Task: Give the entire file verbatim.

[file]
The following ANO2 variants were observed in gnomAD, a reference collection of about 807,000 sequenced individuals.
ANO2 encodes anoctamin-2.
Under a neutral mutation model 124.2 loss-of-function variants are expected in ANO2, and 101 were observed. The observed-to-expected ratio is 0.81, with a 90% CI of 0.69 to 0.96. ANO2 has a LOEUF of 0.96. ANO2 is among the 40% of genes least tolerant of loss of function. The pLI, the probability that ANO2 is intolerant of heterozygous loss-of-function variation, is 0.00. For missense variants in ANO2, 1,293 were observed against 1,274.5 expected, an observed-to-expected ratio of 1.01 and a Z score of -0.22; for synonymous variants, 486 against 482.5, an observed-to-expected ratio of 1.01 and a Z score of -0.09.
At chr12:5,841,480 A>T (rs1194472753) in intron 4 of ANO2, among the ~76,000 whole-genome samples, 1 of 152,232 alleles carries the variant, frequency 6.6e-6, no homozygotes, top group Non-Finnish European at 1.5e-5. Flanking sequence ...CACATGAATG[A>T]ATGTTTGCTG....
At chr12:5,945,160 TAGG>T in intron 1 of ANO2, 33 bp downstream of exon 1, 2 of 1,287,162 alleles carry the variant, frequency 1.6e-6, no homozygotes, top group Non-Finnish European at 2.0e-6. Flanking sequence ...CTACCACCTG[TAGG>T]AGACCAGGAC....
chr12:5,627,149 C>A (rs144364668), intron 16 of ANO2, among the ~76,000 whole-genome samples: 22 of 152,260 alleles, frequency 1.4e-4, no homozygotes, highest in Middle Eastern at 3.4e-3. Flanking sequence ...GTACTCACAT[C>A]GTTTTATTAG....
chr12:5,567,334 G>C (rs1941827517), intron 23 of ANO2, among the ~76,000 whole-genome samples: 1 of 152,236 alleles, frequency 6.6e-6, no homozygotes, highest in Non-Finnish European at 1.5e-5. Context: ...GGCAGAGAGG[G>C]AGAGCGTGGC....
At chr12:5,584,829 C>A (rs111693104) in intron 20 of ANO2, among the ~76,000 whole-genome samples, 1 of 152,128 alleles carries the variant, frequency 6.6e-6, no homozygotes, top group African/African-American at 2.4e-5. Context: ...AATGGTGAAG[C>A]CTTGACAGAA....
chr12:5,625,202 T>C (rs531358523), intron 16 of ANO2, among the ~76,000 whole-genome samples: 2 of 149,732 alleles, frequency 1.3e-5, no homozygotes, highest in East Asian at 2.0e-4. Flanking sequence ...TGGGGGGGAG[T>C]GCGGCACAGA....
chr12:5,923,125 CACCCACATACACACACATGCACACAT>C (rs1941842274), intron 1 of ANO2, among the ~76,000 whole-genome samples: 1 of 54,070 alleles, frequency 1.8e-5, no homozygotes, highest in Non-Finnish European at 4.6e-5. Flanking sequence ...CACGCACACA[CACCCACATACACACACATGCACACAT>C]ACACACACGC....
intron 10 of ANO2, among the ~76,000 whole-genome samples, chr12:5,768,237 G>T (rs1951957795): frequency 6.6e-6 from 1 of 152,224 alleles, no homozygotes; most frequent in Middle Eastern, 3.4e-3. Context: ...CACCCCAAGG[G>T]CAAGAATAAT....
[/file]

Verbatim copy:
The following ANO2 variants were observed in gnomAD, a reference collection of about 807,000 sequenced individuals.
ANO2 encodes anoctamin-2.
Under a neutral mutation model 124.2 loss-of-function variants are expected in ANO2, and 101 were observed. The observed-to-expected ratio is 0.81, with a 90% CI of 0.69 to 0.96. ANO2 has a LOEUF of 0.96. ANO2 is among the 40% of genes least tolerant of loss of function. The pLI, the probability that ANO2 is intolerant of heterozygous loss-of-function variation, is 0.00. For missense variants in ANO2, 1,293 were observed against 1,274.5 expected, an observed-to-expected ratio of 1.01 and a Z score of -0.22; for synonymous variants, 486 against 482.5, an observed-to-expected ratio of 1.01 and a Z score of -0.09.
At chr12:5,841,480 A>T (rs1194472753) in intron 4 of ANO2, among the ~76,000 whole-genome samples, 1 of 152,232 alleles carries the variant, frequency 6.6e-6, no homozygotes, top group Non-Finnish European at 1.5e-5. Flanking sequence ...CACATGAATG[A>T]ATGTTTGCTG....
At chr12:5,945,160 TAGG>T in intron 1 of ANO2, 33 bp downstream of exon 1, 2 of 1,287,162 alleles carry the variant, frequency 1.6e-6, no homozygotes, top group Non-Finnish European at 2.0e-6. Flanking sequence ...CTACCACCTG[TAGG>T]AGACCAGGAC....
chr12:5,627,149 C>A (rs144364668), intron 16 of ANO2, among the ~76,000 whole-genome samples: 22 of 152,260 alleles, frequency 1.4e-4, no homozygotes, highest in Middle Eastern at 3.4e-3. Flanking sequence ...GTACTCACAT[C>A]GTTTTATTAG....
chr12:5,567,334 G>C (rs1941827517), intron 23 of ANO2, among the ~76,000 whole-genome samples: 1 of 152,236 alleles, frequency 6.6e-6, no homozygotes, highest in Non-Finnish European at 1.5e-5. Context: ...GGCAGAGAGG[G>C]AGAGCGTGGC....
At chr12:5,584,829 C>A (rs111693104) in intron 20 of ANO2, among the ~76,000 whole-genome samples, 1 of 152,128 alleles carries the variant, frequency 6.6e-6, no homozygotes, top group African/African-American at 2.4e-5. Context: ...AATGGTGAAG[C>A]CTTGACAGAA....
chr12:5,625,202 T>C (rs531358523), intron 16 of ANO2, among the ~76,000 whole-genome samples: 2 of 149,732 alleles, frequency 1.3e-5, no homozygotes, highest in East Asian at 2.0e-4. Flanking sequence ...TGGGGGGGAG[T>C]GCGGCACAGA....
chr12:5,923,125 CACCCACATACACACACATGCACACAT>C (rs1941842274), intron 1 of ANO2, among the ~76,000 whole-genome samples: 1 of 54,070 alleles, frequency 1.8e-5, no homozygotes, highest in Non-Finnish European at 4.6e-5. Flanking sequence ...CACGCACACA[CACCCACATACACACACATGCACACAT>C]ACACACACGC....
intron 10 of ANO2, among the ~76,000 whole-genome samples, chr12:5,768,237 G>T (rs1951957795): frequency 6.6e-6 from 1 of 152,224 alleles, no homozygotes; most frequent in Middle Eastern, 3.4e-3. Context: ...CACCCCAAGG[G>T]CAAGAATAAT....